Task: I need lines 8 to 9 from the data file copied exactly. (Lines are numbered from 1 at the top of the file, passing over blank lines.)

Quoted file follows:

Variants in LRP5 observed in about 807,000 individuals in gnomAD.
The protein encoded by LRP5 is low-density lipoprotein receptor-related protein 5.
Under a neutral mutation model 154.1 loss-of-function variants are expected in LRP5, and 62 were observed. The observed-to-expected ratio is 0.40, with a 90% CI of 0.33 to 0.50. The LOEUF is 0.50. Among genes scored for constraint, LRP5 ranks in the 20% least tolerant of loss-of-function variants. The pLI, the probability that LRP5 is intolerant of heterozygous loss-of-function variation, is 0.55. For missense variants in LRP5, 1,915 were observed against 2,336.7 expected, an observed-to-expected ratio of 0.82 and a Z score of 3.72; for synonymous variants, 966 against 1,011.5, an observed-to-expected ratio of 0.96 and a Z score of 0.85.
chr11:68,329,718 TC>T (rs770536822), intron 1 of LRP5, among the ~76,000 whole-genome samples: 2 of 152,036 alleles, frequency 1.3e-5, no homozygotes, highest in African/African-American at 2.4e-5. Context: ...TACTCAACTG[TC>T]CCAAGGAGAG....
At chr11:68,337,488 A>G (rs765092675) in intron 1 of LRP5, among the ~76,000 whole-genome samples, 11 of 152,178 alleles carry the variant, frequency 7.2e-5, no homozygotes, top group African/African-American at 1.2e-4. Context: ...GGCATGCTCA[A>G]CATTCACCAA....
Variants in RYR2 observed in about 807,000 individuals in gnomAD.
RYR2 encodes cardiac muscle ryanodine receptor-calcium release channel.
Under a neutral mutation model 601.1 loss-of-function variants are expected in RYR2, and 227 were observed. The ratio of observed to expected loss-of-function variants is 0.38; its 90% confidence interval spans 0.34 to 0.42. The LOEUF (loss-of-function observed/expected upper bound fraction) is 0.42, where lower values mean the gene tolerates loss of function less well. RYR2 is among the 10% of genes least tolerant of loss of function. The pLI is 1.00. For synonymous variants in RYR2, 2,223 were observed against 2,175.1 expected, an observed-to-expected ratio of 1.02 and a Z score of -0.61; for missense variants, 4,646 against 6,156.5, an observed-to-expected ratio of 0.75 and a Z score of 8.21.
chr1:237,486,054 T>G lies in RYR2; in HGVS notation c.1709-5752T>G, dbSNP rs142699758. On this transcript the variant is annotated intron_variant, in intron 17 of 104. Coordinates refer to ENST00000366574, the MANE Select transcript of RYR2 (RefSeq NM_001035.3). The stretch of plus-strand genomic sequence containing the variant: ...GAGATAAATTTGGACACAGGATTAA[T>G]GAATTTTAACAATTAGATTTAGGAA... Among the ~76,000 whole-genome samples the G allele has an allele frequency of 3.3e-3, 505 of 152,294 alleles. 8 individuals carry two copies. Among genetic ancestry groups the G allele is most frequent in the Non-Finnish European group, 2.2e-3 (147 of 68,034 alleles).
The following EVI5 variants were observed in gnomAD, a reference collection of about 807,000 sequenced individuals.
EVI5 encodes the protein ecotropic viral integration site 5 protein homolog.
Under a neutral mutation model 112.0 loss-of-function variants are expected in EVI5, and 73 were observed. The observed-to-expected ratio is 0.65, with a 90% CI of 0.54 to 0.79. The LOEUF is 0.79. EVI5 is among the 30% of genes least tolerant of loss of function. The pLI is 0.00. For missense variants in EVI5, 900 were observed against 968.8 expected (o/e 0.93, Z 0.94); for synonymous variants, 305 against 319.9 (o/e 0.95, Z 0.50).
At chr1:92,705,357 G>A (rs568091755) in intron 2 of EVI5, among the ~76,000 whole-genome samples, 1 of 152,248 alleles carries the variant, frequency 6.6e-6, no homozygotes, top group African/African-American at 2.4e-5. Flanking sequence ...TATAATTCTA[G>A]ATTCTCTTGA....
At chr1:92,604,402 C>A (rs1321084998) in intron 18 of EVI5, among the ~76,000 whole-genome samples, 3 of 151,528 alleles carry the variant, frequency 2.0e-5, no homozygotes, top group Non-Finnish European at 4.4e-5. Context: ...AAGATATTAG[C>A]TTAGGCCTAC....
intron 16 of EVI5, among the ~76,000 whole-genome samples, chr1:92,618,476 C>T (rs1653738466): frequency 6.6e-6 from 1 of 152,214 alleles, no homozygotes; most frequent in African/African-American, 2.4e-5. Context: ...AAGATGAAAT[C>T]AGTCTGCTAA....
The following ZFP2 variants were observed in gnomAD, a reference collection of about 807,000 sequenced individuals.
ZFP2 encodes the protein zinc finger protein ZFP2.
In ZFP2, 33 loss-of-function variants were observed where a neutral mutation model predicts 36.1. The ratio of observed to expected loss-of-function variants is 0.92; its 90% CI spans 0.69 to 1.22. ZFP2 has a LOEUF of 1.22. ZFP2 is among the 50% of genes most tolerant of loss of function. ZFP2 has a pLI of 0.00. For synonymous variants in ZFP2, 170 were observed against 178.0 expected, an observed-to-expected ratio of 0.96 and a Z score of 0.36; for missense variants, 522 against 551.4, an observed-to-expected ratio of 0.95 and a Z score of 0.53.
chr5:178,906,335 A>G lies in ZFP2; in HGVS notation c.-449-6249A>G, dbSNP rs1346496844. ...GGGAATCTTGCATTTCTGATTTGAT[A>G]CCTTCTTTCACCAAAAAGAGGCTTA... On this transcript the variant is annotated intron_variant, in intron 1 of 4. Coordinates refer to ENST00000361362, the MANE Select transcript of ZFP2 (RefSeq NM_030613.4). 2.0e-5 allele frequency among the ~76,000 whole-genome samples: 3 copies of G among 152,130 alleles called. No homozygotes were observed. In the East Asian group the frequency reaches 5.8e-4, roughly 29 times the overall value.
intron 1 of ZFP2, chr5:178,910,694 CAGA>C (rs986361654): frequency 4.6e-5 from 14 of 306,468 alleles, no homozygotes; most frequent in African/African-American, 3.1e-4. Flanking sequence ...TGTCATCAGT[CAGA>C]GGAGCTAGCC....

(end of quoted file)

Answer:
Under a neutral mutation model 601.1 loss-of-function variants are expected in RYR2, and 227 were observed. The ratio of observed to expected loss-of-function variants is 0.38; its 90% confidence interval spans 0.34 to 0.42. The LOEUF (loss-of-function observed/expected upper bound fraction) is 0.42, where lower values mean the gene tolerates loss of function less well. RYR2 is among the 10% of genes least tolerant of loss of function. The pLI is 1.00. For synonymous variants in RYR2, 2,223 were observed against 2,175.1 expected, an observed-to-expected ratio of 1.02 and a Z score of -0.61; for missense variants, 4,646 against 6,156.5, an observed-to-expected ratio of 0.75 and a Z score of 8.21.
chr1:237,486,054 T>G lies in RYR2; in HGVS notation c.1709-5752T>G, dbSNP rs142699758. On this transcript the variant is annotated intron_variant, in intron 17 of 104. Coordinates refer to ENST00000366574, the MANE Select transcript of RYR2 (RefSeq NM_001035.3). The stretch of plus-strand genomic sequence containing the variant: ...GAGATAAATTTGGACACAGGATTAA[T>G]GAATTTTAACAATTAGATTTAGGAA... Among the ~76,000 whole-genome samples the G allele has an allele frequency of 3.3e-3, 505 of 152,294 alleles. 8 individuals carry two copies. Among genetic ancestry groups the G allele is most frequent in the Non-Finnish European group, 2.2e-3 (147 of 68,034 alleles).